The Dead Among Us

One week of living and dying in Miami-Dade.

Miami-Dade criminal court records show the 28-year-old South Miami High alum had gotten into some trouble over the past ten years. When he was 20 years old, Arias was arrested December 26, 2001, at Bayside Marketplace for misdemeanor simple battery. On March 31, 2002, he was collared for third-degree felony grand theft auto. The Miami-Dade State Attorney's Office dropped the case. On July 25, 2007, cops nabbed him for drinking in public. That case was also dismissed.

Hernandez believes Arias was a victim of a botched burglary. "I think they broke in and didn't expect to find someone in there," he says. "It's a shame. He had just celebrated his only daughter's first birthday."

On the steps leading to the home's entrance, the family set up a small memorial with two religious candles, a vase of dried flowers, a 32-ounce bottle of Presidente beer, and a 16-ounce bottle of Corona.

Ghislene Richmond says her son Markey Saintil Jr. (left) enjoyed downloading music and playing basketball with his cousins.
Courtesy of the Saintil family
Ghislene Richmond says her son Markey Saintil Jr. (left) enjoyed downloading music and playing basketball with his cousins.

In the back yard, a soft wind moves the two swings on a faded wood playground set.

Cause of death: multiple stab wounds


5:50 a.m., Palmetto Bay

Pablo Josue Amador arrived home sometime around 5:45 that morning. His 16-year-old son, Javier, was in his room, getting ready for school, when he heard gunshots. Amador entered Javier's room, said "I love you," and fired one shot at the boy. The bullet missed. Amador placed the gun to his own head and fired, killing himself. Javier then went to check on his mother, Maria, and his two younger sisters, 14-year-old Priscila and 13-year-old Rosa. He discovered they had all been shot dead. His older sister, Beula Beatriz, a 20-year-old University of Miami student, was not home.

By all accounts, Pablo Josue Amador was a soulful man. The 53-year-old music teacher had been a tenor with Florida Grand Opera and taught piano lessons to the neighborhood children. He was also a musical director, arranger, and vocalist for Los Galileos, a six-member ensemble that included his children. The group had performed in dozens of churches around South Florida since 2001. Maria Amador was education director at the University of Miami's Project to Cure Paralysis. The Amadors' four-bedroom house featured two detached structures that were used as music studios. The residence was filled with multiple musical instruments, including guitars and keyboards.

Hours before being killed, 14-year-old Priscila wrote on her MySpace page: "It's over, I'm free," according to the medical examiner's investigations memo. Days later, the Miami Herald reported allegations by two of Priscila's classmates that her father had been molesting her since she was a young girl. The tenor's daughter had also penned a letter to a friend that allegedly described the abuse. Miami-Dade homicide detectives have not publicly released the contents of the letter and have not confirmed the sex abuse accusations.

This past March 4, hundreds of relatives and friends attended the funeral for the four slain Amador family members. The service was held at Christ Fellowship Church at 8900 SW 168th St. in Palmetto Bay. Javier, the lone survivor in the house that day, sat at a piano and played a tender melody eulogizing his family. When he finished, the young man walked off the stage without saying a word.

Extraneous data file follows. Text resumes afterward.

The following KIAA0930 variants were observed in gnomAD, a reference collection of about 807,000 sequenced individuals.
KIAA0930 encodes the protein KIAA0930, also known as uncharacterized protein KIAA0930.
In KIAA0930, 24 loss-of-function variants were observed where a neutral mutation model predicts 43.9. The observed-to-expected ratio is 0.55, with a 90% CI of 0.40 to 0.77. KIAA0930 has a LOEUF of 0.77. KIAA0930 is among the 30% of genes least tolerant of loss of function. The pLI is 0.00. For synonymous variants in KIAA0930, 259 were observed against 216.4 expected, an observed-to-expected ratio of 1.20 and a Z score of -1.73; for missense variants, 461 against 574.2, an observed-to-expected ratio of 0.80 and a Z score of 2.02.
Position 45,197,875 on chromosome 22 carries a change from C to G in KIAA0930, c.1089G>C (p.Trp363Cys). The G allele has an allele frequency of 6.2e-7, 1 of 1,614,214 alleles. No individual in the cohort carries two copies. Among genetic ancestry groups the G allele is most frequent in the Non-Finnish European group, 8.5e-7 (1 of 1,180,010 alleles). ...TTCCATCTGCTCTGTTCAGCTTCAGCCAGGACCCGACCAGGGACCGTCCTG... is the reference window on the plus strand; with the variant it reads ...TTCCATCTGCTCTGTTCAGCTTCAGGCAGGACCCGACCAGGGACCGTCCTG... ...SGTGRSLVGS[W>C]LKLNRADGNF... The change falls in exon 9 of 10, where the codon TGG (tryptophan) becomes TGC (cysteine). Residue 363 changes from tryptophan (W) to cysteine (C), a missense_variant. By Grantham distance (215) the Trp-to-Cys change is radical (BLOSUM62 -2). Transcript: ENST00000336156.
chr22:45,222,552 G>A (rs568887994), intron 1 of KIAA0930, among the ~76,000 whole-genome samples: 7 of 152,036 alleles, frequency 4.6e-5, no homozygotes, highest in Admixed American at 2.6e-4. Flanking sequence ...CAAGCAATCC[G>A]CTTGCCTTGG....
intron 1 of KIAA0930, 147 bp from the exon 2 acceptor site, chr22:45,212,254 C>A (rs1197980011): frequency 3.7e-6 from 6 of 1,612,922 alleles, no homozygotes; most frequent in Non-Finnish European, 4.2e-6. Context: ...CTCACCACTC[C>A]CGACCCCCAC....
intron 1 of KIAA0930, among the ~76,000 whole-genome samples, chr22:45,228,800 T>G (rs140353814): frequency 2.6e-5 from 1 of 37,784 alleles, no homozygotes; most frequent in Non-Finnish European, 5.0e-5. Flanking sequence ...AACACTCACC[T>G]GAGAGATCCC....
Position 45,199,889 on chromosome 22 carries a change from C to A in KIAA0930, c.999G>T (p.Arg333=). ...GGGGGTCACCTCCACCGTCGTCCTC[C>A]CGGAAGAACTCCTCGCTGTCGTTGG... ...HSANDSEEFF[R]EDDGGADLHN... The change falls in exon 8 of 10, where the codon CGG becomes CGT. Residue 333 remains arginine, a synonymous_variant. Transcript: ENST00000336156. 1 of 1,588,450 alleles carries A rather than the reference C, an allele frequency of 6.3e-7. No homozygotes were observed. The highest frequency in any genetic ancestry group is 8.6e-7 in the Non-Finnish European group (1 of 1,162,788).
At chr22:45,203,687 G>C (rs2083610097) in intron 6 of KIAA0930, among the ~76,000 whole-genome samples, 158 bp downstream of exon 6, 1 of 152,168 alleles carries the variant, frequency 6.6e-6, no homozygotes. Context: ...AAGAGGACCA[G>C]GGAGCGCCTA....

Causes of death: gunshot wounds to the head

10:23 a.m., West Miami

Luis Fors came to Miami from Cuba in 1973 and spent his days working as a truck driver. He was married, but the 73-year-old widower never had any children. Recently, Fors had become depressed because of Alzheimer's, dementia, and diabetes. Since July 2008, he had resided at Blessing House One, an assisted living facility at 14350 SW 29th St. Fors had wandered off the property on two previous occasions, but he was always found. However, after he disappeared this past February 22, his nephew, Jorge Pino, filed a missing person's report with Miami-Dade Police. Two days later, Fors's brother-in-law spotted a body floating in a canal near Blessing House. Police divers retrieved the dead male. Pino and a driver's license confirmed it was Fors.

Cause of death: hypertensive cardiovascular disease and terminal submersion

7:52 p.m., Homestead

Robert Chase lived by himself in a trailer at 601 NW Third Ave. that his ex-wife's new husband purchased for him. The 64-year-old Englishman was a U.S. citizen who served in the Army. Chase was retired and living off of his social security check. He smoked a lot of cigarettes and drank a lot of booze. According to a Miami-Dade Police report, Chase talked about smoking marijuana, but no one ever saw him light up a joint. Chase was taking aspirin as well as nine prescription meds. He was last seen alive February 23. Two days later, Homestead Police officers forced their way into his trailer. They found him naked inside the bathtub. He was not breathing. Cigarette butts and empty beer bottles littered the home.

Cause of death: hypertensive cardiovascular disease


5 a.m., North Miami

A woman called 911 to report a dead body inside a one-bedroom apartment in a building in North Miami. Markey Saintil Jr. had been shot once in the head. Fire-rescue and North Miami homicide detectives pronounced Saintil dead at the scene. His mother, Ghislene Richmond, had last seen her 19-year-old son February 25. Sometime after 3 p.m., Richmond was renewing her driver's license at the Department of Motor Vehicles office at 7900 NW 27th Ave. when she received a call from her mother. "She told me that something had happened to Junior," Richmond says.

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